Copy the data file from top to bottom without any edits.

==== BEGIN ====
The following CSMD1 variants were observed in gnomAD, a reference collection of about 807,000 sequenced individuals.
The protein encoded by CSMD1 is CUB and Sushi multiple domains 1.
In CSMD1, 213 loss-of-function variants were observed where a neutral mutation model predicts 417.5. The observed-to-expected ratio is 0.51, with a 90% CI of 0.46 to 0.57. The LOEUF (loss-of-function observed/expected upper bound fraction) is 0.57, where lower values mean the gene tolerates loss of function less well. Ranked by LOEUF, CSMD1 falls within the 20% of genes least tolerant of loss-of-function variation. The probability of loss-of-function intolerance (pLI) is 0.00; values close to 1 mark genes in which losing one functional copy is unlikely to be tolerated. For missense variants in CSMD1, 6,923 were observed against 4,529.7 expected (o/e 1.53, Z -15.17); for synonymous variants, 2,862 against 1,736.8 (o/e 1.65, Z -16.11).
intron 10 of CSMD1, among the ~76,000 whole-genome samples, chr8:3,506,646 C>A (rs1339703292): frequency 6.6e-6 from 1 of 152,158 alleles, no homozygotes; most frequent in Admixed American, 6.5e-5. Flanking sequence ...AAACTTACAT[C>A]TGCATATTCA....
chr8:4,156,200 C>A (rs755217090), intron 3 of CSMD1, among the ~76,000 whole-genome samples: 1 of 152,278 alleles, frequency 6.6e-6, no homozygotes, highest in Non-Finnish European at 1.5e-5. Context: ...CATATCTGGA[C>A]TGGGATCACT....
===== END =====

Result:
The following CSMD1 variants were observed in gnomAD, a reference collection of about 807,000 sequenced individuals.
The protein encoded by CSMD1 is CUB and Sushi multiple domains 1.
In CSMD1, 213 loss-of-function variants were observed where a neutral mutation model predicts 417.5. The observed-to-expected ratio is 0.51, with a 90% CI of 0.46 to 0.57. The LOEUF (loss-of-function observed/expected upper bound fraction) is 0.57, where lower values mean the gene tolerates loss of function less well. Ranked by LOEUF, CSMD1 falls within the 20% of genes least tolerant of loss-of-function variation. The probability of loss-of-function intolerance (pLI) is 0.00; values close to 1 mark genes in which losing one functional copy is unlikely to be tolerated. For missense variants in CSMD1, 6,923 were observed against 4,529.7 expected (o/e 1.53, Z -15.17); for synonymous variants, 2,862 against 1,736.8 (o/e 1.65, Z -16.11).
intron 10 of CSMD1, among the ~76,000 whole-genome samples, chr8:3,506,646 C>A (rs1339703292): frequency 6.6e-6 from 1 of 152,158 alleles, no homozygotes; most frequent in Admixed American, 6.5e-5. Flanking sequence ...AAACTTACAT[C>A]TGCATATTCA....
chr8:4,156,200 C>A (rs755217090), intron 3 of CSMD1, among the ~76,000 whole-genome samples: 1 of 152,278 alleles, frequency 6.6e-6, no homozygotes, highest in Non-Finnish European at 1.5e-5. Context: ...CATATCTGGA[C>A]TGGGATCACT....